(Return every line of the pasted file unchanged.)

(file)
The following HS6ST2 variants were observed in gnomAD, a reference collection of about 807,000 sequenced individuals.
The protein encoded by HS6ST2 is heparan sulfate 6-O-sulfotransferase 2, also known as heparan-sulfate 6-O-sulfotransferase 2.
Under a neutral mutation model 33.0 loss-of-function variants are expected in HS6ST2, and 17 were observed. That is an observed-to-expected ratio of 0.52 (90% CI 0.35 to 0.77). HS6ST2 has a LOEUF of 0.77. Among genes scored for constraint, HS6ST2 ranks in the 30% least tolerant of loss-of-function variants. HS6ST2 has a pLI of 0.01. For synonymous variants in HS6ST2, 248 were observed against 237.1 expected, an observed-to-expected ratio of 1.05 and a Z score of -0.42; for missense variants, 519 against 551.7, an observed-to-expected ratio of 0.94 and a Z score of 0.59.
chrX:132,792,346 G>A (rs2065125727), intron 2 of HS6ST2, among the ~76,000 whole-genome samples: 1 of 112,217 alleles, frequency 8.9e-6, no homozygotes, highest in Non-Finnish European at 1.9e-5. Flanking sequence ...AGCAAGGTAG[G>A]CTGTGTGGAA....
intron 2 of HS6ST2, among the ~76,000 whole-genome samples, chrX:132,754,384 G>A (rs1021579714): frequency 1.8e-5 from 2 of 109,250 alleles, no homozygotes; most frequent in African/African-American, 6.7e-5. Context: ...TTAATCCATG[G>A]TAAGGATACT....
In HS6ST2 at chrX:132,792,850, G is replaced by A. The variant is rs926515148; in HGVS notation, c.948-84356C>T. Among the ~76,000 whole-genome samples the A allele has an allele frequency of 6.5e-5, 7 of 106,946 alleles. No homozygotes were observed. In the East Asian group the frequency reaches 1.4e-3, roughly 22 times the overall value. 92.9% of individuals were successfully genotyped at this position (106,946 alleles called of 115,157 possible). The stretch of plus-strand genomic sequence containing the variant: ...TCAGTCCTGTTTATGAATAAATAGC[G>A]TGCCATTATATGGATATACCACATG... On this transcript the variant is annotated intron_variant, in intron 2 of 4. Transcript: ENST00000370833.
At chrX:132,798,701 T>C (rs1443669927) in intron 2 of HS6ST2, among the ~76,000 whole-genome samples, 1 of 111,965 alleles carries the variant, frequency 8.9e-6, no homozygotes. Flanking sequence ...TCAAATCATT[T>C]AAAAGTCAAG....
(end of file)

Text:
The following HS6ST2 variants were observed in gnomAD, a reference collection of about 807,000 sequenced individuals.
The protein encoded by HS6ST2 is heparan sulfate 6-O-sulfotransferase 2, also known as heparan-sulfate 6-O-sulfotransferase 2.
Under a neutral mutation model 33.0 loss-of-function variants are expected in HS6ST2, and 17 were observed. That is an observed-to-expected ratio of 0.52 (90% CI 0.35 to 0.77). HS6ST2 has a LOEUF of 0.77. Among genes scored for constraint, HS6ST2 ranks in the 30% least tolerant of loss-of-function variants. HS6ST2 has a pLI of 0.01. For synonymous variants in HS6ST2, 248 were observed against 237.1 expected, an observed-to-expected ratio of 1.05 and a Z score of -0.42; for missense variants, 519 against 551.7, an observed-to-expected ratio of 0.94 and a Z score of 0.59.
chrX:132,792,346 G>A (rs2065125727), intron 2 of HS6ST2, among the ~76,000 whole-genome samples: 1 of 112,217 alleles, frequency 8.9e-6, no homozygotes, highest in Non-Finnish European at 1.9e-5. Flanking sequence ...AGCAAGGTAG[G>A]CTGTGTGGAA....
intron 2 of HS6ST2, among the ~76,000 whole-genome samples, chrX:132,754,384 G>A (rs1021579714): frequency 1.8e-5 from 2 of 109,250 alleles, no homozygotes; most frequent in African/African-American, 6.7e-5. Context: ...TTAATCCATG[G>A]TAAGGATACT....
In HS6ST2 at chrX:132,792,850, G is replaced by A. The variant is rs926515148; in HGVS notation, c.948-84356C>T. Among the ~76,000 whole-genome samples the A allele has an allele frequency of 6.5e-5, 7 of 106,946 alleles. No homozygotes were observed. In the East Asian group the frequency reaches 1.4e-3, roughly 22 times the overall value. 92.9% of individuals were successfully genotyped at this position (106,946 alleles called of 115,157 possible). The stretch of plus-strand genomic sequence containing the variant: ...TCAGTCCTGTTTATGAATAAATAGC[G>A]TGCCATTATATGGATATACCACATG... On this transcript the variant is annotated intron_variant, in intron 2 of 4. Transcript: ENST00000370833.
At chrX:132,798,701 T>C (rs1443669927) in intron 2 of HS6ST2, among the ~76,000 whole-genome samples, 1 of 111,965 alleles carries the variant, frequency 8.9e-6, no homozygotes. Flanking sequence ...TCAAATCATT[T>C]AAAAGTCAAG....